Five Seahawks headed to Pro Bowl
Center Max Unger and left tackle Russell Okung were both named starters on the NFC squad Wednesday, while safety Earl Thomas and running back Marshawn Lynch were named to the team as backups. Leon Washington also got a Pro Bowl nod as a kick returner.
Of course the Seahawks, like every other playoff bound team, hope to have nobody play in the Pro Bowl now that it is contested a week before the Super Bowl, making players on the NFC and AFC championship teams ineligible for the game. But if the Seahawks don’t end up in New Orleans, they could end up with one of their best Pro Bowl showings in team history.
In addition to the five players named to the NFC team, the Seahawks also had eight players named Pro Bowl alternates. Cornerback Richard Sherman, defensive end Chris Clemons and fullback Michael Robinson were named first alternates; safety Kam Chancellor, punter Jon Ryan and special teamer Heath Farwell were named second alternates; quarterback Russell Wilson was named a third alternate and defensive tackle Brandon Mebane was named a fourth alternate.
Last season, only Thomas was initially named to the Pro Bowl roster, but four more players — Chancellor, Robinson, Lynch and Brandon Browner — ended up in Hawaii because of injuries to others and players headed to the Super Bowl.
“It’s a big turnaround for us from a couple of years ago when we couldn’t get anybody there,” Seahawks coach Pete Carroll said prior to the announcement of the teams when asked who on his team might be Pro Bowl worthy.
Okung and Unger making the Pro Bowl team as starters is one indicator of just how far Seattle’s offense has come since early in the season, when it was one of the least productive in the league. The improved play of Wilson has received a lot of attention, and rightly so, but the play up front also has been a big reason why Seattle’s offense is now up to No. 8 in the NFL in scoring.
“Any time you’re having success as a team, that’s when those individual honors come,” offensive coordinator Darrell Bevell said. “But it’s great for those guys — for Russell and Max. There’s a lot of hard work that goes on up there and energy that they expend each and every week. Those guys aren’t ever awarded and a lot of people don’t even know their names most of the time, or the work that they do. They really deserve it; they’ve worked hard.”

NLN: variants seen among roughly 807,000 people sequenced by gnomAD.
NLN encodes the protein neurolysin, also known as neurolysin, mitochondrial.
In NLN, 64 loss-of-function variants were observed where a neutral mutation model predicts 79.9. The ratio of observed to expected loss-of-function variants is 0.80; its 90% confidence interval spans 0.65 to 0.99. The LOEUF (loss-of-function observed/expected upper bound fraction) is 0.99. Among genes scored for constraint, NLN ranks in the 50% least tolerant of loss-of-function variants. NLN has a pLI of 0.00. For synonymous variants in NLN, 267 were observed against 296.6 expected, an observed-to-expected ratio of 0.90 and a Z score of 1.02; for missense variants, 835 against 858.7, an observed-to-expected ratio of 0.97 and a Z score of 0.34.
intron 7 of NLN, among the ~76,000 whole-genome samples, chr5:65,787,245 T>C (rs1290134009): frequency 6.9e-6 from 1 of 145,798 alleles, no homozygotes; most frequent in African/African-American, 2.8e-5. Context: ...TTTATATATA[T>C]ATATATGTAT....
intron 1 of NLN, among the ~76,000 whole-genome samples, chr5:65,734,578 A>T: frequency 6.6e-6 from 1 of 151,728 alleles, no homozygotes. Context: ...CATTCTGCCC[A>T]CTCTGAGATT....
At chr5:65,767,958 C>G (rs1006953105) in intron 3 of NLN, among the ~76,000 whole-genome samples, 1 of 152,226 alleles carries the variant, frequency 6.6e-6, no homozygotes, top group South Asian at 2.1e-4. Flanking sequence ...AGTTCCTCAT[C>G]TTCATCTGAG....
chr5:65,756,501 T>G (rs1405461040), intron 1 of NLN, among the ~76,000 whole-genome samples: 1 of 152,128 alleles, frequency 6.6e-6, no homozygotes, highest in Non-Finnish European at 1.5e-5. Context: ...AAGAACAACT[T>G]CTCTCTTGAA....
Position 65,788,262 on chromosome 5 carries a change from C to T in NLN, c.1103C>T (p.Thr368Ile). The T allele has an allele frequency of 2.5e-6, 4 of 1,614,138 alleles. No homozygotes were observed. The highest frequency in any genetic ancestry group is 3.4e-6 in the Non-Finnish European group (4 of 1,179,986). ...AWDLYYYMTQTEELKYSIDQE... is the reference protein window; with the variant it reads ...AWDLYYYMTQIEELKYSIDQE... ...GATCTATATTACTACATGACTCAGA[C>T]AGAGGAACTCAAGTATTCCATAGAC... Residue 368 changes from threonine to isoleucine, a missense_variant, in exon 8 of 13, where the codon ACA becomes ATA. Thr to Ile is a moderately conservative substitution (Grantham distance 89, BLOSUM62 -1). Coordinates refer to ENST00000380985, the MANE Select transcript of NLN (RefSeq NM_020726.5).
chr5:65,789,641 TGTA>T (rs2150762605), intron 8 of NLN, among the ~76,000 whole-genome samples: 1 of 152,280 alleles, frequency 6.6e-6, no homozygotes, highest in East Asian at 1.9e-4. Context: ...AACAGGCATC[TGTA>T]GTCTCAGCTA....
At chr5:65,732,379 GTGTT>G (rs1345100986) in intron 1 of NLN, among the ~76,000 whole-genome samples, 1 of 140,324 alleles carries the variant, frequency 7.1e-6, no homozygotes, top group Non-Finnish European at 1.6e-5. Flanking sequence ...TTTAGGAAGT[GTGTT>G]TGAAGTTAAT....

Yet, as good of sign as it is for Seattle’s offense to have at least three Pro Bowl players, it is equally puzzling that a defense that ranks No. 1 in the NFL in points allowed and No. 4 in yards allowed had just one player named — as a backup.
No snub is more notable than that of Sherman, who is tied for first in the league in passes defensed, second in interceptions and is considered by many to be the top shutdown corner in the league with Darrelle Revis out with a knee injury. Despite sterling credentials, Sherman was not deemed one of the top three corners in the NFC by Pro Bowl voters, and his inclusion as an alternate shows he was eligible for selection because the league has not yet ruled on the appeal of his suspension for violating the league’s policy on performance enhancing substances.
It is, of course, possible that voters decided to penalize Sherman for that failed drug test despite not knowing the outcome of the appeal. Before the Pro Bowl teams were announced, Sherman was asked if he would be upset about missing the Pro Bowl should he lose his appeal.
“I don’t worry about that,” he said. ‘It don’t mean nothing. I bet you I’ll be on first-team All Pro. That means a lot more to me.”
The All Pro team, which is decided by media vote, does not automatically exclude a player for a suspension, though individual voters could certainly make that decision on their own.
After the Pro Bowl selections were announced, Sherman took to Twitter with a bit of sarcasm, writing, “Don’t be Mad 12s I obviously didn’t play well enough to make it. All good”
Herald Writer John Boyle: email@example.com.
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